In addition, in 2013, the government temporarily relaxed planning laws, allowing office buildings to circumvent the planning process when being converted into housing. These conversions are not required to meet any planning-based quality standards, including the minimum space standards, meaning that apartments have been completed which are far smaller than the prescribed minimum of 37 sq. m.
Housebuilders and industry bodies such as RIBA have been calling for the national minimum space standard to be embedded within the Building Regulations, set as a standard for housing design across the country. As well as being beneficial for homeowners and tenants, housebuilders have argued that this would provide them with more certainty when bidding for land.
In a separate move in December 2017, the government announced they were putting rogue landlords 'on notice', with the introduction of new measures to stamp out overcrowding and improve standards for those renting in the private sector. This includes new rules setting minimum size requirements for bedrooms in houses of multiple occupation:
- Room used for sleeping by 1 adult: No smaller than 6.51 sq. m.
- Room used for sleeping by 2 adults: No smaller than 10.22 sq. m.
- Room used for sleeping by children of 10 years and younger: No smaller than 4.64 sq. m.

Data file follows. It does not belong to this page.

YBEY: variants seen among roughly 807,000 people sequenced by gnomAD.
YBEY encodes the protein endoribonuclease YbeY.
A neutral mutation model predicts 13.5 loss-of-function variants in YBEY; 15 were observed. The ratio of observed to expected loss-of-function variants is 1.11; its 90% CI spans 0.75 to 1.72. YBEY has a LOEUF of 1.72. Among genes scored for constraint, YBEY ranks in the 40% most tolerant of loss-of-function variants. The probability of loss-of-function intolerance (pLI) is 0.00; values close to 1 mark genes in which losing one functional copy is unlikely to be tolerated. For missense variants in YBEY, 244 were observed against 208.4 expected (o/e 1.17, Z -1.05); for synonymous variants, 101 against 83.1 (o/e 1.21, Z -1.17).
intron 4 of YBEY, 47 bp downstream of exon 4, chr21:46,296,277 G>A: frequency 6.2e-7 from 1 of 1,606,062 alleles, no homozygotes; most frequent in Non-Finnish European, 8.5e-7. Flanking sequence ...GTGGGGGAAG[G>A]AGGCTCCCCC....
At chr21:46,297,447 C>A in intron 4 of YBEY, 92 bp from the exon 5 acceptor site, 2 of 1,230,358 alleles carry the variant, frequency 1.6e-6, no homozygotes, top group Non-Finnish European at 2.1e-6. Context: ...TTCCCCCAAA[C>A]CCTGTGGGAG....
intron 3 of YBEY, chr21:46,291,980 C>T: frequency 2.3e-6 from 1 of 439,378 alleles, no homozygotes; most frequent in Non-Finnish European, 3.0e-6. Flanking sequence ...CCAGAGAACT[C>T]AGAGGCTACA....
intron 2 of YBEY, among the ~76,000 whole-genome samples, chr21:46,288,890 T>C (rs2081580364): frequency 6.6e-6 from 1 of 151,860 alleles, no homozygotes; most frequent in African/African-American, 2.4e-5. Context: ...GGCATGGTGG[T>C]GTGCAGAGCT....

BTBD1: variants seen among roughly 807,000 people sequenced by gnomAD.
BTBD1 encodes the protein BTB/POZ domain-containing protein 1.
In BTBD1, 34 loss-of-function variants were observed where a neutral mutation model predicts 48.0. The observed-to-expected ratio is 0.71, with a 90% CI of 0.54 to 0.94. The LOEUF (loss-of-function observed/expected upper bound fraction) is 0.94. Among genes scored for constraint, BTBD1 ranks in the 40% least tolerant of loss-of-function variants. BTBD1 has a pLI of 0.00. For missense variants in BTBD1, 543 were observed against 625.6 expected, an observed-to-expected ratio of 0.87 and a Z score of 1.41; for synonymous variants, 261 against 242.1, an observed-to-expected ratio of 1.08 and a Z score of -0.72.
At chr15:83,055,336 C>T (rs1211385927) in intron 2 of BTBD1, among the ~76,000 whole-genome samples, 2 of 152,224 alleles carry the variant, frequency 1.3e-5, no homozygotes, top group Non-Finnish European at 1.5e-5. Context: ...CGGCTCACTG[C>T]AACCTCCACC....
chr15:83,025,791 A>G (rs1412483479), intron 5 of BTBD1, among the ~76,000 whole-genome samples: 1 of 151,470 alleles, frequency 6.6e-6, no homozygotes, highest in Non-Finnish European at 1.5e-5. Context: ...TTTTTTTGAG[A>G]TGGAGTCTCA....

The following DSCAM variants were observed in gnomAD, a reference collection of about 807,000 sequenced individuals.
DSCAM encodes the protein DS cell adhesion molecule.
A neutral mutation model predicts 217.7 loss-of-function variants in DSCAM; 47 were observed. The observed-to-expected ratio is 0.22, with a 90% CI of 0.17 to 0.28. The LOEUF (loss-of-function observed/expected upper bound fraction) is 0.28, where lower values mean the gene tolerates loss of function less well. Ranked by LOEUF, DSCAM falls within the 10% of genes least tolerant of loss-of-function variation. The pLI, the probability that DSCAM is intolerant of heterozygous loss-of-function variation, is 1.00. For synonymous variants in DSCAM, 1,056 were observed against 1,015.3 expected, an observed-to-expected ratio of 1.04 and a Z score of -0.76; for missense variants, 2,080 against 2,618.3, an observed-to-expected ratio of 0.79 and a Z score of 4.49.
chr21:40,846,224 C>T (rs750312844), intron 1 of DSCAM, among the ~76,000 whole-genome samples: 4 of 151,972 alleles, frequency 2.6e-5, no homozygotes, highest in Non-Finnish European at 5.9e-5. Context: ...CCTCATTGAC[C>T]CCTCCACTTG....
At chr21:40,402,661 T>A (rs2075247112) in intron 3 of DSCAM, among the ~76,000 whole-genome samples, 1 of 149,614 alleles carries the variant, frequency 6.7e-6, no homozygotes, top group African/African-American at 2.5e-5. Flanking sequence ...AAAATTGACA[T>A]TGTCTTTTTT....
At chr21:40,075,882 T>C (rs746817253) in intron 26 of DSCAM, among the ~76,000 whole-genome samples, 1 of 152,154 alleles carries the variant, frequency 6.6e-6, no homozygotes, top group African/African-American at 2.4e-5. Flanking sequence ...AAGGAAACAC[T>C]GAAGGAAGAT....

Find out more
 Related articles on Designing Buildings Wiki
- Code for sustainable homes.
- Floor area.
- Gross internal area.
- Housing Standards Review.
- International Property Measurement Standards.
- Local plan.
- Occupant capacity of a building or space.
- Schedule of accommodation.
- Tackling rogue landlords.
- Technical housing standards - nationally described space standard.
- Total useful floor area.
Featured articles and news
On Levelling-Up and Regeneration Bill.
Over 70 managers and organisations shortlisted for the 14 awards.
From biometric to electrical current, chemical and more.
Changes are due to come into force on 1st October 2022.
Heed advice and insight of this report IPA tells the government.
From the Commonwealth Association of Architects.
For the Levelling Up, Housing & Communities Committee.
BSRIA's Technical Director reflects on recent weather patterns.
A national valuation to fund old-age pensions.
The world’s largest Commonwealth memorial to the missing.
Long after the end of the defects liability period.
Occupant satisfaction and wellbeing in buildings.
From the simple to the complex.
And the UK Government guidelines.
Commitment agreed to by major built environment bodies.
Electrical skills, low carbon, high-tech and the building services revolution.
Ultra-deep drilling with millimeter-wave beam technology.
Looking at the built environment from space.
BSI standards 8671, 8672 and 8673.
Bringing life to burial grounds.
From failed modernism to twenty-minute neighbourhoods.
The gates process and change control.